New scientific findings are beginning to support beliefs of cultures thousands of years old, showing that our individual psyches are, in the last analysis, a manifestation of cosmic consciousness and intelligence that flows through all of existence. We never completely lost contact with this cosmic consciousness because we are never fully separated from it. (202-03)
Let me turn in the last part of this excursus to the realm of poetry, to the process of poiesis that only the human being is fully equipped to create. For the Greeks, poiesis is a making or a shaping of something that has been apprehended; its praxis is to create by analogy a mimetic representation of some vision, some insight that has particularly powerful mythic resonances. As such, poetry is capable of producing an organic mythology, a mythology of organs and origins, for poets do not eschew the world so much as they enter it more fully than the rest of us may be capable of. They are the figures in the culture to whom we turn, for, as the poet Wallace Stevens observes, in writing of Allen Tate and John Crowe Ransom, two southern poets of the last century, “the poets’ sensibilities have large orbits” (1997, p. 711). And from that penetration through the boundaries that might inhibit or resist the rest of us in our tracks, the poet is a partner in the hero’s journey who, having suffered through the concrete world in a unique way, returns with a boon that is worth contemplating as we tend to the right measure of our own voyage.
Glenn Arbery’s magisterial study of poetry in Why Literature Matters addresses at its “No Conclusion” chapter what theory has left out of the discussion: “the experience of form as the poetic mode of knowledge, the essential pleasure in world becoming word, the intelligence of feeling, and revelation literature affords that reality is polysemous…ultimately disclosing an anagogical meaning” (215). His study, both analytic and lyric, tradition oriented and modern-seeking, looks to aesthesis, a showing forth of beauty in the pause of poetry, in its exterior infolding. Its aim is transport one out of self into a more vibrant communal cosmos.
Poets are the antithesis of those souls caught in hell. For Campbell, “Hell, properly, is the condition of people who are so bound to their ego lives and selfish values that they cannot open out to a transpersonal grace” (2001, p. 100). In other words, these souls are landlocked, even dry docked, such that they find it impossible to leave their safe harbors and sail towards the transcendent. When asked about the experience of the transcendent and how one might achieve its status, Campbell reflected on it in a “Discussion” transcribed at the back of Thou Art That, and drew this conclusion: “How does the ordinary person come to the transcendent? For a start, I would say, study poetry. Learn how to read a poem, You need not have the experience to get the message, or at least some indication of the message” (p. 92).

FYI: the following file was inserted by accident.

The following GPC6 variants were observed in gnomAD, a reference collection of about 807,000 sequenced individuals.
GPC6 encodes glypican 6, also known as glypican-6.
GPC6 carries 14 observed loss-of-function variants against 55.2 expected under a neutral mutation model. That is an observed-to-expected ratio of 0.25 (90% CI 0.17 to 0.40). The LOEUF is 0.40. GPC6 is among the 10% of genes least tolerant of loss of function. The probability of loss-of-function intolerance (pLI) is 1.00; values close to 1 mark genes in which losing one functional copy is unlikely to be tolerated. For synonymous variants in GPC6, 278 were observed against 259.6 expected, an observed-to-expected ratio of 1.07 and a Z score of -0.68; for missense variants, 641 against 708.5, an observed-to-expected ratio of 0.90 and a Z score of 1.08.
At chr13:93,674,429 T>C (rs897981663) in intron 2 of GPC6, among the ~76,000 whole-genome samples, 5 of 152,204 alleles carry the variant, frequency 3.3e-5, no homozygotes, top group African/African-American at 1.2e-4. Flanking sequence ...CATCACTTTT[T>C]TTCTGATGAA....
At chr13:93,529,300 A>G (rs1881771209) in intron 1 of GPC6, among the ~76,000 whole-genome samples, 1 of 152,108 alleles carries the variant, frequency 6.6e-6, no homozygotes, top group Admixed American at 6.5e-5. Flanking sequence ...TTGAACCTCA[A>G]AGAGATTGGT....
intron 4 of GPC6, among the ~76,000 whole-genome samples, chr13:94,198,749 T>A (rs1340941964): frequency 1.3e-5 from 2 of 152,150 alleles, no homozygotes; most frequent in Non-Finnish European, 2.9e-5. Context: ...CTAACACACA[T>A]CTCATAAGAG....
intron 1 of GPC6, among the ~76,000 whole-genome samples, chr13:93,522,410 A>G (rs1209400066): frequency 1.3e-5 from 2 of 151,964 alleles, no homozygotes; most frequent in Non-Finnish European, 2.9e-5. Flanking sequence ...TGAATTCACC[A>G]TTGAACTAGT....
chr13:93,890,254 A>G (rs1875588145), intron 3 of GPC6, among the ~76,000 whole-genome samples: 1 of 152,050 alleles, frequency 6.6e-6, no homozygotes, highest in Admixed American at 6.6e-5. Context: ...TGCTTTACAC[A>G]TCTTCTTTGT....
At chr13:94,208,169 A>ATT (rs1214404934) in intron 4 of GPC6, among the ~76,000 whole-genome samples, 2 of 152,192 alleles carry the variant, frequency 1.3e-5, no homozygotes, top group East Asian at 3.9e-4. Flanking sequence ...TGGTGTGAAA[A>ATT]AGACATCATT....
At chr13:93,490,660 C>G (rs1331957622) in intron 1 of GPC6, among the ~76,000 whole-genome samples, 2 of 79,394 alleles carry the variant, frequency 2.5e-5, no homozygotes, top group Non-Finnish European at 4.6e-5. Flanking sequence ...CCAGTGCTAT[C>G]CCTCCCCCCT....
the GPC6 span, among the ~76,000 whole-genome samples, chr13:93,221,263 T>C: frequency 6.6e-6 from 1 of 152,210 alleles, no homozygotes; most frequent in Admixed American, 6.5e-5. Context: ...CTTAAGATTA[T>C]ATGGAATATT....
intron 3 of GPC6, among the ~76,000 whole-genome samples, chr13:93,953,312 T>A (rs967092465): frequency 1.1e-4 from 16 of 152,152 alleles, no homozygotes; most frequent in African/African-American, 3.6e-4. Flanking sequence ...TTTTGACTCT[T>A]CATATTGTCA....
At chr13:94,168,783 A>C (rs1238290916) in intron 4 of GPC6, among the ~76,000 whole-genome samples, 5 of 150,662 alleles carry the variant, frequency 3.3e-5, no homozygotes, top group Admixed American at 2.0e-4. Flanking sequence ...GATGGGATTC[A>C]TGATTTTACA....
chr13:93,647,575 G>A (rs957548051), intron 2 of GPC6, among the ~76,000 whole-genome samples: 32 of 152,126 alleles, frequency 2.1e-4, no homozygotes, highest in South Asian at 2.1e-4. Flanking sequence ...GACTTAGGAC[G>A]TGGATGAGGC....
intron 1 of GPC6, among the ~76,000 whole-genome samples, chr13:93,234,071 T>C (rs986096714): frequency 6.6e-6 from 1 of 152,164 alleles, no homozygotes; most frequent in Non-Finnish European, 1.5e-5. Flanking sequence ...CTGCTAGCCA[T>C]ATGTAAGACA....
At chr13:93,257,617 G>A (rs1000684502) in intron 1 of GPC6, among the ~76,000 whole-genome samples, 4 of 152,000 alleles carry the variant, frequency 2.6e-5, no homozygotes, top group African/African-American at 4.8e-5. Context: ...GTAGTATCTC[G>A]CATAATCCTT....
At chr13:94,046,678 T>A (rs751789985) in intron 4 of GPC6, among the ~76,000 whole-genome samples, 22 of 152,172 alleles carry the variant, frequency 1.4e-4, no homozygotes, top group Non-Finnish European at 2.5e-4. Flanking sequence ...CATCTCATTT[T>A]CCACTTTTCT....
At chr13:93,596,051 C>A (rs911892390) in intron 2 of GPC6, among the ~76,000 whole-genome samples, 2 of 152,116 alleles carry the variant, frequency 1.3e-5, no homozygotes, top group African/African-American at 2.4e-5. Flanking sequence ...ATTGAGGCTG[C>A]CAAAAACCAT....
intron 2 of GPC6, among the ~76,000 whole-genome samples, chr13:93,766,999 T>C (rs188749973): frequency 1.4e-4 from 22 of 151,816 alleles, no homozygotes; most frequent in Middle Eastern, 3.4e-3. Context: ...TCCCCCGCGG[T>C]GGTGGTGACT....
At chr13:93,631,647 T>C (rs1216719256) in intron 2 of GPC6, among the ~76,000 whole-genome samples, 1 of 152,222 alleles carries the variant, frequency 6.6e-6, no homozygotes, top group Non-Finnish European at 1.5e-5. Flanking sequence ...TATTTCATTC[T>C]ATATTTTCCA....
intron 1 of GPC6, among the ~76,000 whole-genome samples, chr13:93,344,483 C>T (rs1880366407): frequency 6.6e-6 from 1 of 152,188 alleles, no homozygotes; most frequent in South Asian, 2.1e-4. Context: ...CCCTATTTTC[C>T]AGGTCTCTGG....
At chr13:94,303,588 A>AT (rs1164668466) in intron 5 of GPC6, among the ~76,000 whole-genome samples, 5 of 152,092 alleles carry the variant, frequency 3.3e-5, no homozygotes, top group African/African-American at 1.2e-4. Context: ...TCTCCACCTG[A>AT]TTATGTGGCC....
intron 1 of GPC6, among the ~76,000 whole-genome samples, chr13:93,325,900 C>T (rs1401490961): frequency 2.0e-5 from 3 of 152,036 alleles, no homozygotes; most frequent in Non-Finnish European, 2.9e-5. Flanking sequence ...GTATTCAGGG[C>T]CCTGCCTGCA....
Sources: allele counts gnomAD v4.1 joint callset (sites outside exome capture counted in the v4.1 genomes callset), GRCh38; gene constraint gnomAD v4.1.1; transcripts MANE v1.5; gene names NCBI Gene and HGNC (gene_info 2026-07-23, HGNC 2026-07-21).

If, then, myth constitutes the inner sleeve of history, then a poetic sense occupies the inner sleeve of myth. A poetic sense resides at the core of depth and archetypal psychology. I believe it also occupies a crucial space in history. History reveals what events, left to themselves, conceal: their own poiesis. Far from events being understood as “relics” of the past, as Jacques Le Goff reveals in addressing the qualities of memory in the Middle Ages (71), history illustrates the vital and energetic presence of the dead guiding and shaping our trajectory towards the future, to what is just now stirring into life.
I have written an extensive review of Atom and Archetype that might interest the readers. “Atom and Archetype: The Pauli/Jung Letters. The San Francisco Jung Institute Library Journal, Vol. 22, No.1,2003. 5-11.
Arbery, Glenn C. Why Literature Matters: Permanence and the Politics of Reputation. Wilmington, Delaware: ISI Books, 2001.